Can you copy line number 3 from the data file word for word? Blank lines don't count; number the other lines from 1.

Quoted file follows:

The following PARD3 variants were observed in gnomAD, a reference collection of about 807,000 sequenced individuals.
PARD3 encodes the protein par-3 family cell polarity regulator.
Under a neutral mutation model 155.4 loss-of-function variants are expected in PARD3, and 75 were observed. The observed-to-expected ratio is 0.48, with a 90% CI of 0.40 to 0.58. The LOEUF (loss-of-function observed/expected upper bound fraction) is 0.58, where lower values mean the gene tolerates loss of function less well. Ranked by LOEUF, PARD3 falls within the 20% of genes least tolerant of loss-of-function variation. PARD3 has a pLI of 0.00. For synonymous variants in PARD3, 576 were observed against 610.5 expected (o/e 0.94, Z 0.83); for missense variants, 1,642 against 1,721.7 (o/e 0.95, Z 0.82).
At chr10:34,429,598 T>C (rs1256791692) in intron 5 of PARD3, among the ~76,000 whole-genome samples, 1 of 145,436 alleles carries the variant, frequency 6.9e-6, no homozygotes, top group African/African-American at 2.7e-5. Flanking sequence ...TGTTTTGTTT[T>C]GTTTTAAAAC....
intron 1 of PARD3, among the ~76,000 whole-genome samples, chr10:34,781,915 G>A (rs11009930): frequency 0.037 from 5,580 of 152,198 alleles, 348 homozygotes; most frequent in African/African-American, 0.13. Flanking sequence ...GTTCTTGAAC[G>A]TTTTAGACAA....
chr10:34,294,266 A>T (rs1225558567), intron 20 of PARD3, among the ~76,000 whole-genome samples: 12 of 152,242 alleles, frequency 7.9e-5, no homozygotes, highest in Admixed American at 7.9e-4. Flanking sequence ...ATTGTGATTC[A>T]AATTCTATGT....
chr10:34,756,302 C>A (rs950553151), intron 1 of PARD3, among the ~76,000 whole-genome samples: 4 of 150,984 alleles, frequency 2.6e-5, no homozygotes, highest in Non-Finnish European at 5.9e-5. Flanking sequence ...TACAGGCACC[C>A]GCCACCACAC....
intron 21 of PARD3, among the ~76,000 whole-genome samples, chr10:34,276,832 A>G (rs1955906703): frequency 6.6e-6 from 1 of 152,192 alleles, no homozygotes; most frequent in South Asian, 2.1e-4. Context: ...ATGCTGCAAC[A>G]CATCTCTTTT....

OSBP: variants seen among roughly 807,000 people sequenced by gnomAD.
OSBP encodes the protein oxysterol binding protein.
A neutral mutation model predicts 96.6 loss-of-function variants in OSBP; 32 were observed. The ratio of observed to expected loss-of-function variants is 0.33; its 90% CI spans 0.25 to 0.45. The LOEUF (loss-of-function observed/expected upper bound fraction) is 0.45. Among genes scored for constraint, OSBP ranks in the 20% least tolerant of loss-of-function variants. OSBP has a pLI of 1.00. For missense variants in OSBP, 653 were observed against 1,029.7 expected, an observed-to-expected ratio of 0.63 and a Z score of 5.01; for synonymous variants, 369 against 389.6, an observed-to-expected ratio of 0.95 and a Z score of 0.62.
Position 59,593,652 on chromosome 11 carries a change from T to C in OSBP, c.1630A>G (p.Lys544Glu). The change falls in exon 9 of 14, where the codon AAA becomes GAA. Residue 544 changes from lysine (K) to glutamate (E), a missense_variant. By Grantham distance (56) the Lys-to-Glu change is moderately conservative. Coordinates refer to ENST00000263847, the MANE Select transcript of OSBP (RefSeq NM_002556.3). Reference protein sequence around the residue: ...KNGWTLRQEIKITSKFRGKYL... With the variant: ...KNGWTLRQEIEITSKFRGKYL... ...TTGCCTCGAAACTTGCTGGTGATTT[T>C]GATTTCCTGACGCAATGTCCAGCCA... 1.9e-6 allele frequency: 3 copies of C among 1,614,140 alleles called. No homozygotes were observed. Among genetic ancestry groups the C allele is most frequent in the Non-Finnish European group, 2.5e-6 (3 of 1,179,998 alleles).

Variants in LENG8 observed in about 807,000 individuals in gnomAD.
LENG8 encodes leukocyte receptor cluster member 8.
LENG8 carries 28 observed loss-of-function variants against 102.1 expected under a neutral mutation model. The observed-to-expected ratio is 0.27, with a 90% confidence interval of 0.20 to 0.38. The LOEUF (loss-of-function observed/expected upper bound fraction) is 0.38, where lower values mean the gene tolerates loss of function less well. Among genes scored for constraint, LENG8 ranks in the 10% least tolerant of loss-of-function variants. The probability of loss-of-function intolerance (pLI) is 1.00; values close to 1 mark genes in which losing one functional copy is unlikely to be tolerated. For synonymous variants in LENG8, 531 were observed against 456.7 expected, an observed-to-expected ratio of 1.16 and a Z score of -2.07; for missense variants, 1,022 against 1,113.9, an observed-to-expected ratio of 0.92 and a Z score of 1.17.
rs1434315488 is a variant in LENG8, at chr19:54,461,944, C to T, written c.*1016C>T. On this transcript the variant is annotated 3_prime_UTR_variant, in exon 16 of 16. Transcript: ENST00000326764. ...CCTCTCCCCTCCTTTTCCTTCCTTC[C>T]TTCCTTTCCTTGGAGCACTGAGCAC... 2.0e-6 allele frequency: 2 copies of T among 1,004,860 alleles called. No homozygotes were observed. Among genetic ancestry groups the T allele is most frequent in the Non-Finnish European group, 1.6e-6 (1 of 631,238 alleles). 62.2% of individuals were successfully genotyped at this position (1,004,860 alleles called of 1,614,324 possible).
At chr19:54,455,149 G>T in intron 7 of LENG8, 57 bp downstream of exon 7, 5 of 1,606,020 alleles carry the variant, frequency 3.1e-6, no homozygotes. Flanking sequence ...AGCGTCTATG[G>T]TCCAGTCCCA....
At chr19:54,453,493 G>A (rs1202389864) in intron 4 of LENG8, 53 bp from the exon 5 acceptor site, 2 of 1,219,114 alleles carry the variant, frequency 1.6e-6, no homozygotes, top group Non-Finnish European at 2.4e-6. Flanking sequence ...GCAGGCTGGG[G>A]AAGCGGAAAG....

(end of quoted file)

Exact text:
Under a neutral mutation model 155.4 loss-of-function variants are expected in PARD3, and 75 were observed. The observed-to-expected ratio is 0.48, with a 90% CI of 0.40 to 0.58. The LOEUF (loss-of-function observed/expected upper bound fraction) is 0.58, where lower values mean the gene tolerates loss of function less well. Ranked by LOEUF, PARD3 falls within the 20% of genes least tolerant of loss-of-function variation. PARD3 has a pLI of 0.00. For synonymous variants in PARD3, 576 were observed against 610.5 expected (o/e 0.94, Z 0.83); for missense variants, 1,642 against 1,721.7 (o/e 0.95, Z 0.82).